Capitol Records, Inc. is an American record label owned by Universal Music Group through its Capitol Music Group imprint. It was founded as the first West Coast-based record label "of note" in the United States in 1942 by Johnny Mercer, Buddy DeSylva, and Glenn E. Wallichs. Capitol was acquired by British music conglomerate EMI as its North American subsidiary in 1955. EMI was acquired by Universal Music Group in 2012 and was merged with the company a year later, making Capitol and the Capitol Music Group both a part of UMG. The label's circular headquarter building in Hollywood is a recognized landmark of California.
The Billboard Hot 100 is the music industry standard record chart in the United States for songs, published weekly by Billboard magazine. Chart rankings are based on sales, radio play, and online streaming in the United States.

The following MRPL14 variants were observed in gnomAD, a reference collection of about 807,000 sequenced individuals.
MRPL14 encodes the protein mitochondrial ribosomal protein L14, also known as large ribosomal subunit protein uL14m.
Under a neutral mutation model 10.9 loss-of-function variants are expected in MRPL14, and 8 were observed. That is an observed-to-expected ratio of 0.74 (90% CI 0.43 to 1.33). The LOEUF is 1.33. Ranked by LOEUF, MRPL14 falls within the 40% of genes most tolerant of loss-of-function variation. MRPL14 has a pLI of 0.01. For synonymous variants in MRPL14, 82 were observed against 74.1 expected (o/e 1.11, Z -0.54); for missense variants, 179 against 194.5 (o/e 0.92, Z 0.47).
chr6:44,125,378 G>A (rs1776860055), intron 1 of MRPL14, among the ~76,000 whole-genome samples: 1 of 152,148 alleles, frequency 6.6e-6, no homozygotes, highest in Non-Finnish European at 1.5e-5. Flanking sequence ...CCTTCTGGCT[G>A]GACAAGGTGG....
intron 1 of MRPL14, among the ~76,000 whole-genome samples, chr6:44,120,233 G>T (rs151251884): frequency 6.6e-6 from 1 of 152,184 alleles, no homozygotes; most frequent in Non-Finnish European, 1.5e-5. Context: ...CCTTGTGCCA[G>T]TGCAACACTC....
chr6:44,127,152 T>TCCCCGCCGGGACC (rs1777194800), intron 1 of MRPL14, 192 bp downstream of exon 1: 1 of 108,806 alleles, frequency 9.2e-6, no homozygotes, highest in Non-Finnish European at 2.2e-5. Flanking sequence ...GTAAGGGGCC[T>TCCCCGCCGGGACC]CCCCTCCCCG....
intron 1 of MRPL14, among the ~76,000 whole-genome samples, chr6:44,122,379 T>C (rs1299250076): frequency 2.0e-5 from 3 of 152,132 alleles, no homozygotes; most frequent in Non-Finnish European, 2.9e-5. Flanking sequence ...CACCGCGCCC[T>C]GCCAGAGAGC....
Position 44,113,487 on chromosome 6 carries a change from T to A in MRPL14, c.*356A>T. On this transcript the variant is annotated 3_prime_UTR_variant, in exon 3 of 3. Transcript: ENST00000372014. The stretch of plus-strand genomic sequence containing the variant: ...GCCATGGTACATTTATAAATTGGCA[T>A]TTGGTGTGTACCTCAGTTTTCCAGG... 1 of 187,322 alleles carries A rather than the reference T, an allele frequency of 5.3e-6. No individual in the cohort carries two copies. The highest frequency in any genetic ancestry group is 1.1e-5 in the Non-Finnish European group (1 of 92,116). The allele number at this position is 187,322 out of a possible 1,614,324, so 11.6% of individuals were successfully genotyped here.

On January 6, 2014 Bang announced their reunion. Original drummer and lyricist Tony Diorio continues to contribute lyrics, while Matt Calvarese performed drums live.
On August 15, 2017, Bang released their autobiography entitled "The BANG Story: From the Basement to the Bright Lights," written with Lawrence Knorr. The book was published by Sunbury Press.
Rise Above Records is a London, England based independent record label owned by Lee Dorrian.
Black Sabbath were an English rock band, formed in Birmingham in 1968, by guitarist and main songwriter Tony Iommi, drummer Bill Ward, bassist and main lyricist Geezer Butler and singer Ozzy Osbourne. Black Sabbath are often cited as pioneers of heavy metal music. The band helped define the genre with releases such as Black Sabbath (1970), Paranoid (1970), and Master of Reality (1971). The band had multiple line-up changes, with Iommi being the only constant member throughout its history.